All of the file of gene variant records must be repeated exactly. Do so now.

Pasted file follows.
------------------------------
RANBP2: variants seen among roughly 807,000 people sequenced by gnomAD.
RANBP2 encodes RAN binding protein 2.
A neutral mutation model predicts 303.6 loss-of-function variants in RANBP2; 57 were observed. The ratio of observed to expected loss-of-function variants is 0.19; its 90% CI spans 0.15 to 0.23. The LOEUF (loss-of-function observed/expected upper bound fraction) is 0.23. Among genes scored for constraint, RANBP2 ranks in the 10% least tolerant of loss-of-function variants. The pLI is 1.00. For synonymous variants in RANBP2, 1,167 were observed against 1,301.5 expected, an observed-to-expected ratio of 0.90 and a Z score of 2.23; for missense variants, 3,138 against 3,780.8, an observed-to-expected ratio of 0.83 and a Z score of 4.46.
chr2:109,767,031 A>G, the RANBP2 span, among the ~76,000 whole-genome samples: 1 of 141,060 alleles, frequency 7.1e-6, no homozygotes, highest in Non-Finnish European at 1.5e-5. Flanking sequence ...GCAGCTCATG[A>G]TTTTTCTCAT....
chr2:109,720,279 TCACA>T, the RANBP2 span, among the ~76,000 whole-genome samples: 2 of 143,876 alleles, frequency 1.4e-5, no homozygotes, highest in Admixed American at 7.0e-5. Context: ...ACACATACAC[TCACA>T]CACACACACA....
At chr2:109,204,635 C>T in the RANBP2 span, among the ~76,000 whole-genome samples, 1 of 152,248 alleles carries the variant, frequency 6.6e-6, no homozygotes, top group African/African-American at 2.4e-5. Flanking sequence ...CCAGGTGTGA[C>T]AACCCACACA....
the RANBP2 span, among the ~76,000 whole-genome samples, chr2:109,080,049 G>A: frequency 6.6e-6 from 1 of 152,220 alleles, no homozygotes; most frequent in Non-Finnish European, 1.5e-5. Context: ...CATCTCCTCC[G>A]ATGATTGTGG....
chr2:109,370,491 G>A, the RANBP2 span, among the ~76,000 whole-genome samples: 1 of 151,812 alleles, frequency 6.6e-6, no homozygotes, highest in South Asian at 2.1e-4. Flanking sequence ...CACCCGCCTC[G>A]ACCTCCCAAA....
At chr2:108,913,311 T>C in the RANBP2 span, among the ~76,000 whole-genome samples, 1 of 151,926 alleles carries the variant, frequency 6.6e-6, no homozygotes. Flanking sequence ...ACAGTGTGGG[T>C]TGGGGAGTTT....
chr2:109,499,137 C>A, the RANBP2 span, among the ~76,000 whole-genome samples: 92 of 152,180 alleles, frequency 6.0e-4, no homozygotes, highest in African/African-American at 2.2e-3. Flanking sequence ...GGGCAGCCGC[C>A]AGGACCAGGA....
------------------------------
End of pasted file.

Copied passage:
RANBP2: variants seen among roughly 807,000 people sequenced by gnomAD.
RANBP2 encodes RAN binding protein 2.
A neutral mutation model predicts 303.6 loss-of-function variants in RANBP2; 57 were observed. The ratio of observed to expected loss-of-function variants is 0.19; its 90% CI spans 0.15 to 0.23. The LOEUF (loss-of-function observed/expected upper bound fraction) is 0.23. Among genes scored for constraint, RANBP2 ranks in the 10% least tolerant of loss-of-function variants. The pLI is 1.00. For synonymous variants in RANBP2, 1,167 were observed against 1,301.5 expected, an observed-to-expected ratio of 0.90 and a Z score of 2.23; for missense variants, 3,138 against 3,780.8, an observed-to-expected ratio of 0.83 and a Z score of 4.46.
chr2:109,767,031 A>G, the RANBP2 span, among the ~76,000 whole-genome samples: 1 of 141,060 alleles, frequency 7.1e-6, no homozygotes, highest in Non-Finnish European at 1.5e-5. Flanking sequence ...GCAGCTCATG[A>G]TTTTTCTCAT....
chr2:109,720,279 TCACA>T, the RANBP2 span, among the ~76,000 whole-genome samples: 2 of 143,876 alleles, frequency 1.4e-5, no homozygotes, highest in Admixed American at 7.0e-5. Context: ...ACACATACAC[TCACA>T]CACACACACA....
At chr2:109,204,635 C>T in the RANBP2 span, among the ~76,000 whole-genome samples, 1 of 152,248 alleles carries the variant, frequency 6.6e-6, no homozygotes, top group African/African-American at 2.4e-5. Flanking sequence ...CCAGGTGTGA[C>T]AACCCACACA....
the RANBP2 span, among the ~76,000 whole-genome samples, chr2:109,080,049 G>A: frequency 6.6e-6 from 1 of 152,220 alleles, no homozygotes; most frequent in Non-Finnish European, 1.5e-5. Context: ...CATCTCCTCC[G>A]ATGATTGTGG....
chr2:109,370,491 G>A, the RANBP2 span, among the ~76,000 whole-genome samples: 1 of 151,812 alleles, frequency 6.6e-6, no homozygotes, highest in South Asian at 2.1e-4. Flanking sequence ...CACCCGCCTC[G>A]ACCTCCCAAA....
At chr2:108,913,311 T>C in the RANBP2 span, among the ~76,000 whole-genome samples, 1 of 151,926 alleles carries the variant, frequency 6.6e-6, no homozygotes. Flanking sequence ...ACAGTGTGGG[T>C]TGGGGAGTTT....
chr2:109,499,137 C>A, the RANBP2 span, among the ~76,000 whole-genome samples: 92 of 152,180 alleles, frequency 6.0e-4, no homozygotes, highest in African/African-American at 2.2e-3. Flanking sequence ...GGGCAGCCGC[C>A]AGGACCAGGA....